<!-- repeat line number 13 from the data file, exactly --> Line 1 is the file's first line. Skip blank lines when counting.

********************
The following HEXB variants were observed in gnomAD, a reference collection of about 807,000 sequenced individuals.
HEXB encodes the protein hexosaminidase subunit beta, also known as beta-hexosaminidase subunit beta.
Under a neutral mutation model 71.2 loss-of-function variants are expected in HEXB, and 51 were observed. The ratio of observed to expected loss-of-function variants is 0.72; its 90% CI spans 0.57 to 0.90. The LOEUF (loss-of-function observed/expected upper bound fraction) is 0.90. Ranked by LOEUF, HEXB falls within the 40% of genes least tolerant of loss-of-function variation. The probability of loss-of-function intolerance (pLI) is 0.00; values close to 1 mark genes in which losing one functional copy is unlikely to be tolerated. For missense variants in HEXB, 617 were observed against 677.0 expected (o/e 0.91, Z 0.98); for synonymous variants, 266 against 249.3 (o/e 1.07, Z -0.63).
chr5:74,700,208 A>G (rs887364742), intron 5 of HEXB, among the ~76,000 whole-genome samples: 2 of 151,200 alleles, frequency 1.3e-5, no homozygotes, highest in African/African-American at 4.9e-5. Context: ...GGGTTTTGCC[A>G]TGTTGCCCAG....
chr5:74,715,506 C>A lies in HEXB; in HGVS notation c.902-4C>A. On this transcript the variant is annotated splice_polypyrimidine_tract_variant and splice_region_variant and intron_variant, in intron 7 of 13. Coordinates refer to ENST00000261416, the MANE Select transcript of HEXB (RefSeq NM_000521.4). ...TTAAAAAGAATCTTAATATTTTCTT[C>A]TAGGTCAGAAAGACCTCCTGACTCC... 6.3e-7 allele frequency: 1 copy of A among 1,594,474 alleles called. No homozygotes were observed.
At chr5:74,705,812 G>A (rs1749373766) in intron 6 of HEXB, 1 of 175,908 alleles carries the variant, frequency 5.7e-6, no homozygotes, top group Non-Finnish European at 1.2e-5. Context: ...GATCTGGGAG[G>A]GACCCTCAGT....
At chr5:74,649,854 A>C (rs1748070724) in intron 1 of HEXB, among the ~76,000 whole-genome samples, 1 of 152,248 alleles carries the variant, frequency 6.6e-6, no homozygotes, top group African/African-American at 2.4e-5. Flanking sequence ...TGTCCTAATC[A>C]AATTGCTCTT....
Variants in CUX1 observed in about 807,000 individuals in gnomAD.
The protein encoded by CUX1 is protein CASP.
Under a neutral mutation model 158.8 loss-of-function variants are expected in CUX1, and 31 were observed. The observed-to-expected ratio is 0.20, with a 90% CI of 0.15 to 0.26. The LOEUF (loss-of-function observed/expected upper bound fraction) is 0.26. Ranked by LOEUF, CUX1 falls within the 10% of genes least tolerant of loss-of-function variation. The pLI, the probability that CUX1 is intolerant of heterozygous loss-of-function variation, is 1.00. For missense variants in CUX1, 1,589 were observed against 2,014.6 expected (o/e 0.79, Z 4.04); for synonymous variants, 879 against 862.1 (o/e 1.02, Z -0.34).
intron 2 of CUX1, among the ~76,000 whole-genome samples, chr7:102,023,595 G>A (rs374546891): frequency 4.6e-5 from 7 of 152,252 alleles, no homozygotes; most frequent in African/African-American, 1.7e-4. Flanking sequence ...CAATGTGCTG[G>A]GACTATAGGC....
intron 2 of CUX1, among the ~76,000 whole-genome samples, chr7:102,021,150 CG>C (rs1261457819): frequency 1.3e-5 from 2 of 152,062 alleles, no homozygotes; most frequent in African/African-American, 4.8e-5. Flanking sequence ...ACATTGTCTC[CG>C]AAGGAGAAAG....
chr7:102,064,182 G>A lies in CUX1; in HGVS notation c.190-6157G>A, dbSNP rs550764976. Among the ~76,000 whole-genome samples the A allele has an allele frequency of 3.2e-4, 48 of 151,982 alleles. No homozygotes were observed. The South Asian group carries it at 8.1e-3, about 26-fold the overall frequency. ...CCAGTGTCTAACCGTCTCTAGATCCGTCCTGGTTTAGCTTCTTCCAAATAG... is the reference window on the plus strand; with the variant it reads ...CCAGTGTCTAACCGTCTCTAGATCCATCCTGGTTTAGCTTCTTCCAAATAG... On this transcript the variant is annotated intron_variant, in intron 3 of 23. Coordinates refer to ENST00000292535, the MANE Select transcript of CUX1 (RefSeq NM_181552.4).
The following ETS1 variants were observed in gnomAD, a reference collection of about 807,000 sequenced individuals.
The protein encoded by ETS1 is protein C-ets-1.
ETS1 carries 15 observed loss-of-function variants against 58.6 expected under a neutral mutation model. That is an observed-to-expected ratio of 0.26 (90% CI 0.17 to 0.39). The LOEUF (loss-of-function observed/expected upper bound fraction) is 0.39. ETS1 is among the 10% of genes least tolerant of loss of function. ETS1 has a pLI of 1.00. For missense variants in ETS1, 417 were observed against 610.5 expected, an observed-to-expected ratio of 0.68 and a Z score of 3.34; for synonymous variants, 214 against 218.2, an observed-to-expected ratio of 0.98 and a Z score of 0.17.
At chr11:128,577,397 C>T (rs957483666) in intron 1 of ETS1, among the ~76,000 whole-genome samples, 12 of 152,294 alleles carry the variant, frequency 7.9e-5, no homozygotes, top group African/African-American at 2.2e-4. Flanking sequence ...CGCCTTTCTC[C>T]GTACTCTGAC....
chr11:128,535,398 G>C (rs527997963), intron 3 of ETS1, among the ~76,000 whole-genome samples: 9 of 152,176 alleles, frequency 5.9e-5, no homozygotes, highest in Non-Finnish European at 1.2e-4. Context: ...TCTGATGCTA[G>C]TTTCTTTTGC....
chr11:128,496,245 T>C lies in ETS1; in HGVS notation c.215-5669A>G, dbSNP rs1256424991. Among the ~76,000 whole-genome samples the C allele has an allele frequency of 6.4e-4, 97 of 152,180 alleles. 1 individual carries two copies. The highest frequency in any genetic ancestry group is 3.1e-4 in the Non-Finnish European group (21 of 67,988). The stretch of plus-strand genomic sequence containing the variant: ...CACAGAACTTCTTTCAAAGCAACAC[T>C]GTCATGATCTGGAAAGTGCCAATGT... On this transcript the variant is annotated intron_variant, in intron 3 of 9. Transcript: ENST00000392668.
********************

chr7:102,064,182 G>A lies in CUX1; in HGVS notation c.190-6157G>A, dbSNP rs550764976. Among the ~76,000 whole-genome samples the A allele has an allele frequency of 3.2e-4, 48 of 151,982 alleles. No homozygotes were observed. The South Asian group carries it at 8.1e-3, about 26-fold the overall frequency. ...CCAGTGTCTAACCGTCTCTAGATCCGTCCTGGTTTAGCTTCTTCCAAATAG... is the reference window on the plus strand; with the variant it reads ...CCAGTGTCTAACCGTCTCTAGATCCATCCTGGTTTAGCTTCTTCCAAATAG... On this transcript the variant is annotated intron_variant, in intron 3 of 23. Coordinates refer to ENST00000292535, the MANE Select transcript of CUX1 (RefSeq NM_181552.4).